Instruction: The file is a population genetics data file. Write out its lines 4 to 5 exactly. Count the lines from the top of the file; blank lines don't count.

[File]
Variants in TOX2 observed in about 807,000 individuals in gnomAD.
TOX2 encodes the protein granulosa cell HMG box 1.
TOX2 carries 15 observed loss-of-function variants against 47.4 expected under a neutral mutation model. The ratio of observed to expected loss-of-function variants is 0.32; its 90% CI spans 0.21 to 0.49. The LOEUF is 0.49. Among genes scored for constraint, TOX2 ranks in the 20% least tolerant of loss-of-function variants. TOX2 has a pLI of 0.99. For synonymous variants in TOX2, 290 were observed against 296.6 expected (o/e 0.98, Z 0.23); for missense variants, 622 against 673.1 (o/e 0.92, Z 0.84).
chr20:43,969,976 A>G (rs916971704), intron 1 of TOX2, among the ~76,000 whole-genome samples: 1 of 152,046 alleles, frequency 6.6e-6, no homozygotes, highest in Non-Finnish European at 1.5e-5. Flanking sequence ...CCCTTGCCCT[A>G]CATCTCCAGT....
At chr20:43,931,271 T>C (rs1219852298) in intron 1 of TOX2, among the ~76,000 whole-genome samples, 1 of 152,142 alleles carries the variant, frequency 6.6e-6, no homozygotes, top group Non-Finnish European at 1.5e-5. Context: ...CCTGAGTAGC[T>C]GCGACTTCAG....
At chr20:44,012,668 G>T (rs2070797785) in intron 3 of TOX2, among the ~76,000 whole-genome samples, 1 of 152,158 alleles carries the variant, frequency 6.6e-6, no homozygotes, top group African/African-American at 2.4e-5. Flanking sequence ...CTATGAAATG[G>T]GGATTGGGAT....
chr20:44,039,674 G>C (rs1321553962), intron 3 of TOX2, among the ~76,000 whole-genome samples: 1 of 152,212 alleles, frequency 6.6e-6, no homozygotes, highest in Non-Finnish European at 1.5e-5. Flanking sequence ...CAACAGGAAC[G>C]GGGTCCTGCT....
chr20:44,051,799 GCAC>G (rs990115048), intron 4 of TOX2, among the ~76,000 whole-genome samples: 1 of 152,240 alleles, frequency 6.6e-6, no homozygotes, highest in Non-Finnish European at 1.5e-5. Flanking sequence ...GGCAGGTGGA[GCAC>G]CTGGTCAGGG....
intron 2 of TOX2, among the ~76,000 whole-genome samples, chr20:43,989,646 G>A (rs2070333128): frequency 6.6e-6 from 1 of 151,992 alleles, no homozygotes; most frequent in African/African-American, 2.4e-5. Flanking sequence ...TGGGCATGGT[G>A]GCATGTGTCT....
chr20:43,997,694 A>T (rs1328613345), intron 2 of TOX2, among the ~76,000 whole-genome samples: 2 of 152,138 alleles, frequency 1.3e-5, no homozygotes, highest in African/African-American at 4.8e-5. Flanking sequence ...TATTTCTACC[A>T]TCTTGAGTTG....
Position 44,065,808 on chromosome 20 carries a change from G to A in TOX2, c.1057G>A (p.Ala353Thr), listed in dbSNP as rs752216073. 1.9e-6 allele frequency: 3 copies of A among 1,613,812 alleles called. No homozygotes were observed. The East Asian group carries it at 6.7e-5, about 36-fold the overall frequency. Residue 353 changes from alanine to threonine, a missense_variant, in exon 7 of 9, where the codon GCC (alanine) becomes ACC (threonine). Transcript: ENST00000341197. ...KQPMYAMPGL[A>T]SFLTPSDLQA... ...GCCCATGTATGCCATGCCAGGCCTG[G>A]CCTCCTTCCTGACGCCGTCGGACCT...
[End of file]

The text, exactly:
chr20:43,969,976 A>G (rs916971704), intron 1 of TOX2, among the ~76,000 whole-genome samples: 1 of 152,046 alleles, frequency 6.6e-6, no homozygotes, highest in Non-Finnish European at 1.5e-5. Flanking sequence ...CCCTTGCCCT[A>G]CATCTCCAGT....
At chr20:43,931,271 T>C (rs1219852298) in intron 1 of TOX2, among the ~76,000 whole-genome samples, 1 of 152,142 alleles carries the variant, frequency 6.6e-6, no homozygotes, top group Non-Finnish European at 1.5e-5. Context: ...CCTGAGTAGC[T>C]GCGACTTCAG....